VI. Policy Exceptions * * *

VII. Record Correction Procedure * * *

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The Employer focuses on Ms. Coy's January 7, 2002 telephone conversation with Martha Bast, and urges that the grievant not only directed Ms. Bast to "go slow," but added "I do not want the plan (Timed Activity Plan) to work." The Employer interprets Ms. Coy's statements as " . . . clearly, and unequivocally, inciting a slowdown in breach of the collective bargaining agreement (hereinafter CBA) and contrary to reasonable work rules." The Employer additionally finds Ms. Coy's conduct as "insubordinate," describing it as ". . . an effort to interfere with a co-worker's performance of her duties.

The Employer argues that few actions are more harmful than an employee's attempt to instigate a slowdown or insubordination and that discharge from employment is the well-recognized penalty for such conduct.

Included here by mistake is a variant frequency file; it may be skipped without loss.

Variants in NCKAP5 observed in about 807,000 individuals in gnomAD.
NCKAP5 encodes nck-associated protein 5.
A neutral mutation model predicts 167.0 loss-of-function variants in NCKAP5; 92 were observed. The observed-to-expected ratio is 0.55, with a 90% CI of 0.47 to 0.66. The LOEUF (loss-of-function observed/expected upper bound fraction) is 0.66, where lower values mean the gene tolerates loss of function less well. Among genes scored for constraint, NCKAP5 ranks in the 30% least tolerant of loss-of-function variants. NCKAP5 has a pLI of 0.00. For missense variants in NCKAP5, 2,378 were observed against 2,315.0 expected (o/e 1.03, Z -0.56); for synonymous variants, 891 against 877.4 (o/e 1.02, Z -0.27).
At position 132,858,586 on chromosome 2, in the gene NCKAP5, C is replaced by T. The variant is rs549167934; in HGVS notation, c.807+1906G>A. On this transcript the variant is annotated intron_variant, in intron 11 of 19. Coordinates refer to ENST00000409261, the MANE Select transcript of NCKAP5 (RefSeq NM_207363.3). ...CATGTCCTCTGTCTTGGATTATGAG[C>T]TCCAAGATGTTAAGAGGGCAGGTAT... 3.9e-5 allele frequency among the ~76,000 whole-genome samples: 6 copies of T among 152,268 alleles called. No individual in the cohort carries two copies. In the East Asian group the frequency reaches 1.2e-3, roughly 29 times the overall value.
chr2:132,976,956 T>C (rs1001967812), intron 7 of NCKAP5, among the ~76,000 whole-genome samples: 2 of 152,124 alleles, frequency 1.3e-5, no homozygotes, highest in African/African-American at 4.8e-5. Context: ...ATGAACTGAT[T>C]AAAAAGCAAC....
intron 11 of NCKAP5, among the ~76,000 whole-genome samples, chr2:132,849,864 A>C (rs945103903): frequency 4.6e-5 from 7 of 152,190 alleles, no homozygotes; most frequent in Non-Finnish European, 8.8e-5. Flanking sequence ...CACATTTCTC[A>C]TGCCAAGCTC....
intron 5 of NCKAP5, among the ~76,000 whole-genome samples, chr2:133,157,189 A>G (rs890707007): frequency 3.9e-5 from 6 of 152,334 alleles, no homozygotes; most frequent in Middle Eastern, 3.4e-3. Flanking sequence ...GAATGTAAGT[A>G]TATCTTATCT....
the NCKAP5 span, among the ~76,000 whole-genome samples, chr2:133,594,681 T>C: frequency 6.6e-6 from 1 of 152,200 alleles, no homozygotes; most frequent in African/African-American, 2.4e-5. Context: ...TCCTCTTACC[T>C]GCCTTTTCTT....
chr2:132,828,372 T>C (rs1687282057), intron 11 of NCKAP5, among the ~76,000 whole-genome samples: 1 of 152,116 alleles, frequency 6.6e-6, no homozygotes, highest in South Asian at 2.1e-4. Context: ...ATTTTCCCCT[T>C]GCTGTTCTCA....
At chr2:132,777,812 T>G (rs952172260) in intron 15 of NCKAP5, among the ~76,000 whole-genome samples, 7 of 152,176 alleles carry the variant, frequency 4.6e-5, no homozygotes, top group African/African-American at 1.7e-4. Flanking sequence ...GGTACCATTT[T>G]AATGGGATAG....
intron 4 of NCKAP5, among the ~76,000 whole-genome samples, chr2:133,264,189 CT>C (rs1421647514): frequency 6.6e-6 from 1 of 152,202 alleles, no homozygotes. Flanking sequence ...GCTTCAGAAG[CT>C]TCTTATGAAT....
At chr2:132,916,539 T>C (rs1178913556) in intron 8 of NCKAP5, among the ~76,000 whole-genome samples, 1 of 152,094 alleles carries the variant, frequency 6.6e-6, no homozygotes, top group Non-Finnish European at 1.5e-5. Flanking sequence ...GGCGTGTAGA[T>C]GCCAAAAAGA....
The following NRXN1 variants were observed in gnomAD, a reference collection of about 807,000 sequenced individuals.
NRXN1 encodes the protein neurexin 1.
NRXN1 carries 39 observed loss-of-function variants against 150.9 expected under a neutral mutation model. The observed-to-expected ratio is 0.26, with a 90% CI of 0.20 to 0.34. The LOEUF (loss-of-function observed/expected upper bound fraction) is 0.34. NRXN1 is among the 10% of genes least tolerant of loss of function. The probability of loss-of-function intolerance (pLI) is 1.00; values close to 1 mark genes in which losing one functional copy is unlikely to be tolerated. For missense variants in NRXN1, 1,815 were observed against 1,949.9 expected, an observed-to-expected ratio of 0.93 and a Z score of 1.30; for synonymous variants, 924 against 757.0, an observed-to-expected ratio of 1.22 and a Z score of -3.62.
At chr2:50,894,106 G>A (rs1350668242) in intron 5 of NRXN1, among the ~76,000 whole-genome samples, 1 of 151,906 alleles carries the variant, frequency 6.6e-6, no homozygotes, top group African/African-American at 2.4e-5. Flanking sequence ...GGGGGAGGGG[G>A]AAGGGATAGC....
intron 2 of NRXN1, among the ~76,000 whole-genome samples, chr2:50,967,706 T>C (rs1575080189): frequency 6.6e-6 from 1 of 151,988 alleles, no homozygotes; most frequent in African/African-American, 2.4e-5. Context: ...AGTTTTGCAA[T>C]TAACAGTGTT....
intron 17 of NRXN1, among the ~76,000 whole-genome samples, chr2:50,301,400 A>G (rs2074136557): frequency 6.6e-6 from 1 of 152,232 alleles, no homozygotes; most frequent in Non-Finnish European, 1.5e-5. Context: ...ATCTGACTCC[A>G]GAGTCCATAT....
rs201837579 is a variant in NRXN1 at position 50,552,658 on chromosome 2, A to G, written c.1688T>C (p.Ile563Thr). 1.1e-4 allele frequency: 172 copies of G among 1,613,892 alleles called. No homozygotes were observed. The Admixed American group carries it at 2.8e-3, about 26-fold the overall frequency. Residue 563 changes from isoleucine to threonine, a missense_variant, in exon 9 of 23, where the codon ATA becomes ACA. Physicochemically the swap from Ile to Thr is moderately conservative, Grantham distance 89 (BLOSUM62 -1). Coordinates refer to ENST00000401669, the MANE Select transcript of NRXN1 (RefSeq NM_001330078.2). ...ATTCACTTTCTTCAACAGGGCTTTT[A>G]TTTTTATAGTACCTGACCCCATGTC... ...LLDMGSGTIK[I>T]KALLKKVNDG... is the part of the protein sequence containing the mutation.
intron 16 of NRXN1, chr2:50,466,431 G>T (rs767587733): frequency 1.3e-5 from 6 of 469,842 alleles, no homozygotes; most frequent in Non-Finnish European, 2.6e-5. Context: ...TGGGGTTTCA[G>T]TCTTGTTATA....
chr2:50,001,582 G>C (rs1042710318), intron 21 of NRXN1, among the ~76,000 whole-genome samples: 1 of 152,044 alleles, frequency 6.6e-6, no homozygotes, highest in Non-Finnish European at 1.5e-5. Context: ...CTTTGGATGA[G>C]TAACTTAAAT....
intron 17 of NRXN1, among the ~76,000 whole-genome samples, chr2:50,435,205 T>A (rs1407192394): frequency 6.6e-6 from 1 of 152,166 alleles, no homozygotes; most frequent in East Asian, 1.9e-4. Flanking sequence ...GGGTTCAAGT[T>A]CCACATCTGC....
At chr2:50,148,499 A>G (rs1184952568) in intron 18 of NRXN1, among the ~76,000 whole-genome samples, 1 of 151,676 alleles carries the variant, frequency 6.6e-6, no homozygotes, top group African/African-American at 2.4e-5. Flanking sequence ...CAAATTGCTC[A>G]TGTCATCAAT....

The Employer finds Mr. Hackett's conclusions as to what transpired in the Coy/Bast telephone conversation as both reasonable and entitled to deference. The Employer notes that even Ms. Coy acknowledged that she had advised Ms. Bast to "take your time . . . do the work the way you always have." This, according to the Employer, was directly contrary to the instructions Ms. Bast had received from Ms. Pahmeier, and supports Mr. Hackett's conclusion that Ms. Coy was attempting to instigate a work slowdown

The Employer further contends that in the brief three months Ms. Pahmeier had served as the facility's Food Service Manager, Ms. Coy had repeatedly challenged Ms. Pahmeier's authority. In support of this contention, the Employer points to Ms. Coy's walking off the job, her refusal to sign a memorandum evidencing attendance at an in-service training session, her refusal to sign a disciplinary action report, and her engagement in a "heated argument" about Ms. Pahmeier's new Timed Activity Plan.